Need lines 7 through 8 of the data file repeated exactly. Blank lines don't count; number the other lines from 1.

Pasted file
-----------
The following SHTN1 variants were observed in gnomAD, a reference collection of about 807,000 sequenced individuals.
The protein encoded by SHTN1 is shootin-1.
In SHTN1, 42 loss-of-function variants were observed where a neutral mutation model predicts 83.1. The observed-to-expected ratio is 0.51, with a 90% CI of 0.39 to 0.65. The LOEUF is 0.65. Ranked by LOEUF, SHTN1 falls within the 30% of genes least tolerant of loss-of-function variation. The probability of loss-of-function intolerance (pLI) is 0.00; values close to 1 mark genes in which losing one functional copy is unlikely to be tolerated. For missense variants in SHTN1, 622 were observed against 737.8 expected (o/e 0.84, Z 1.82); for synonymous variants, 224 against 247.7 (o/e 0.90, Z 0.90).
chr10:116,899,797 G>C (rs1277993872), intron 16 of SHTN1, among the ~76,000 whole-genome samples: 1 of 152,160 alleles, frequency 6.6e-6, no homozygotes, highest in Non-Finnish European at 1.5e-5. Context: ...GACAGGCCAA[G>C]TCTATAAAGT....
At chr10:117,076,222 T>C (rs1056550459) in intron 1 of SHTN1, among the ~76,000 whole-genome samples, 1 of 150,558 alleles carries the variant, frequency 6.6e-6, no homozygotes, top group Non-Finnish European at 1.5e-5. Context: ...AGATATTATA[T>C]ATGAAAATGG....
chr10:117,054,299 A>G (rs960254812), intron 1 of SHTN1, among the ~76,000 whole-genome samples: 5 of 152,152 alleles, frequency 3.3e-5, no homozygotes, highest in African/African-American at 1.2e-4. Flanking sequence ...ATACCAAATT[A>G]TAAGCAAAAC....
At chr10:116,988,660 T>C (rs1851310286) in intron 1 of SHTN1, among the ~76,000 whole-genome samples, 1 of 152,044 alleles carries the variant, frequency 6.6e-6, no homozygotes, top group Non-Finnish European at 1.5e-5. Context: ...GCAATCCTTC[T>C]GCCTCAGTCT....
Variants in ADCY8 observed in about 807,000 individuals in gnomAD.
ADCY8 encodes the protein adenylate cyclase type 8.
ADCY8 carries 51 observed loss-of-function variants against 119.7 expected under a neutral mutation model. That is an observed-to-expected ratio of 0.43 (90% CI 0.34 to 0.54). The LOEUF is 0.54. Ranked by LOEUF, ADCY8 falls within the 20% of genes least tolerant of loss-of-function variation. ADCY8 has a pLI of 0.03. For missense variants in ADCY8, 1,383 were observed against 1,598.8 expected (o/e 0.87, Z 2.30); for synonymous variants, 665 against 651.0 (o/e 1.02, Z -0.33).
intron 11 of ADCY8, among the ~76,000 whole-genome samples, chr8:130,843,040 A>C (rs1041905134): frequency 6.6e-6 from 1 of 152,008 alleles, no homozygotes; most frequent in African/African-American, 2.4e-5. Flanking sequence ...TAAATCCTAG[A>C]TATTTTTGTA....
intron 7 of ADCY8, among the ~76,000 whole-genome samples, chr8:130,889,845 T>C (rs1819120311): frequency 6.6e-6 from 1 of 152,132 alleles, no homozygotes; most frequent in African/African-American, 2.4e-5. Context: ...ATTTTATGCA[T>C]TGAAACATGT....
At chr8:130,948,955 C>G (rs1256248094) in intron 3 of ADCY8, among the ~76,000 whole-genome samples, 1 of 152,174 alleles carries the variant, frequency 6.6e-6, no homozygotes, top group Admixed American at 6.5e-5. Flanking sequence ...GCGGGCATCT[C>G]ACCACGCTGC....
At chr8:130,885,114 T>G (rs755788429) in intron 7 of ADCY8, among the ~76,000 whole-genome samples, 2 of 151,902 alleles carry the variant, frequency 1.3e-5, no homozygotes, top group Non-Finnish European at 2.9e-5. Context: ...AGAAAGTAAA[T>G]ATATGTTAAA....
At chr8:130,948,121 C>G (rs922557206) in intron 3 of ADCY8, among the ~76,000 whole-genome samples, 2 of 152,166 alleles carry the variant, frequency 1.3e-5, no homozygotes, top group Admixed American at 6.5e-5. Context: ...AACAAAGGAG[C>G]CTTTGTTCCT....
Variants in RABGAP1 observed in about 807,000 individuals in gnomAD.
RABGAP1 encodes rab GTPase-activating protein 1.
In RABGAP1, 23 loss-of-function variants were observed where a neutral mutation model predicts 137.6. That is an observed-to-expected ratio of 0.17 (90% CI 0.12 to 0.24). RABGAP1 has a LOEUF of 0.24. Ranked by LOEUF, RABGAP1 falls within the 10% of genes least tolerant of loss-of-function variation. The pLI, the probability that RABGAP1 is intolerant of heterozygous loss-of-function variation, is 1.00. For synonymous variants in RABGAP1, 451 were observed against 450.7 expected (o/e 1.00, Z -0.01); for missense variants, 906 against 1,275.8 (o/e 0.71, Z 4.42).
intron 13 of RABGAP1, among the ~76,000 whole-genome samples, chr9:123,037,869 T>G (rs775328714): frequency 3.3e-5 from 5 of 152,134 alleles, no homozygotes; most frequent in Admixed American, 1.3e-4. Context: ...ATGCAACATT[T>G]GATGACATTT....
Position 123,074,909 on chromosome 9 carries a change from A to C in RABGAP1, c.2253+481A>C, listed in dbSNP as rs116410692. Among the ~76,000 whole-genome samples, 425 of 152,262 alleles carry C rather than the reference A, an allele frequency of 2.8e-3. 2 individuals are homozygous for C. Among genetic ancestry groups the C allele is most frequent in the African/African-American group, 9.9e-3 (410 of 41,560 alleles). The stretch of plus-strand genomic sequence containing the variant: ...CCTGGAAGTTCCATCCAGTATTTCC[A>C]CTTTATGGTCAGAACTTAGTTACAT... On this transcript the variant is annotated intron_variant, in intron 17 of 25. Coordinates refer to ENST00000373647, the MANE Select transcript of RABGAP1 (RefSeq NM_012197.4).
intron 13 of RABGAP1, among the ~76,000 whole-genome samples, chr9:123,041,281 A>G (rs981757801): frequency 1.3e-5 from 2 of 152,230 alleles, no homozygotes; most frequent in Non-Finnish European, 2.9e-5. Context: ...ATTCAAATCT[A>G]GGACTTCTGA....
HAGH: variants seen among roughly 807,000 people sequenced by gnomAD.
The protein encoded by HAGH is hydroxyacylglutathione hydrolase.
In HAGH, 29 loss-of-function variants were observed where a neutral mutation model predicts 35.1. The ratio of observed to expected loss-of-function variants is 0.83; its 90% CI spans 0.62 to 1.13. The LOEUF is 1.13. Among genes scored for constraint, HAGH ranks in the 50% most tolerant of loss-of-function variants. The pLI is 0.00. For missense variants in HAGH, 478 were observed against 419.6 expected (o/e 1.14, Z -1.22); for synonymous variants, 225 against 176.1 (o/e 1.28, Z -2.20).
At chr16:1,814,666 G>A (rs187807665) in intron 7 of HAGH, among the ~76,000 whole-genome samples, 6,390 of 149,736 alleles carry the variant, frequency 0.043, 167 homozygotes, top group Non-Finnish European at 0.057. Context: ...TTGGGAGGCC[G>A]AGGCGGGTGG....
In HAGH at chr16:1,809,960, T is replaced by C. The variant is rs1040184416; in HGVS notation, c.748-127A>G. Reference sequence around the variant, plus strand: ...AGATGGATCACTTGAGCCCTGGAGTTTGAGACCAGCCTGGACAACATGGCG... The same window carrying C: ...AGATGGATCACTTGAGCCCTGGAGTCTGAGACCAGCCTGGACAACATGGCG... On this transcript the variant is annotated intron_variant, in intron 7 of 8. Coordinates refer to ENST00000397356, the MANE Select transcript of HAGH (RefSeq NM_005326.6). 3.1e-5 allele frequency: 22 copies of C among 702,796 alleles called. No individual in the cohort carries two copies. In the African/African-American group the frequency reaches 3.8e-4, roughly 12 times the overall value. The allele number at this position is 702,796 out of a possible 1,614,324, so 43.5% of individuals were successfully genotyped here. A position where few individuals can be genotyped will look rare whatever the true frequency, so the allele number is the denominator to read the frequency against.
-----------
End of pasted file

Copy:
At chr10:116,988,660 T>C (rs1851310286) in intron 1 of SHTN1, among the ~76,000 whole-genome samples, 1 of 152,044 alleles carries the variant, frequency 6.6e-6, no homozygotes, top group Non-Finnish European at 1.5e-5. Context: ...GCAATCCTTC[T>C]GCCTCAGTCT....
Variants in ADCY8 observed in about 807,000 individuals in gnomAD.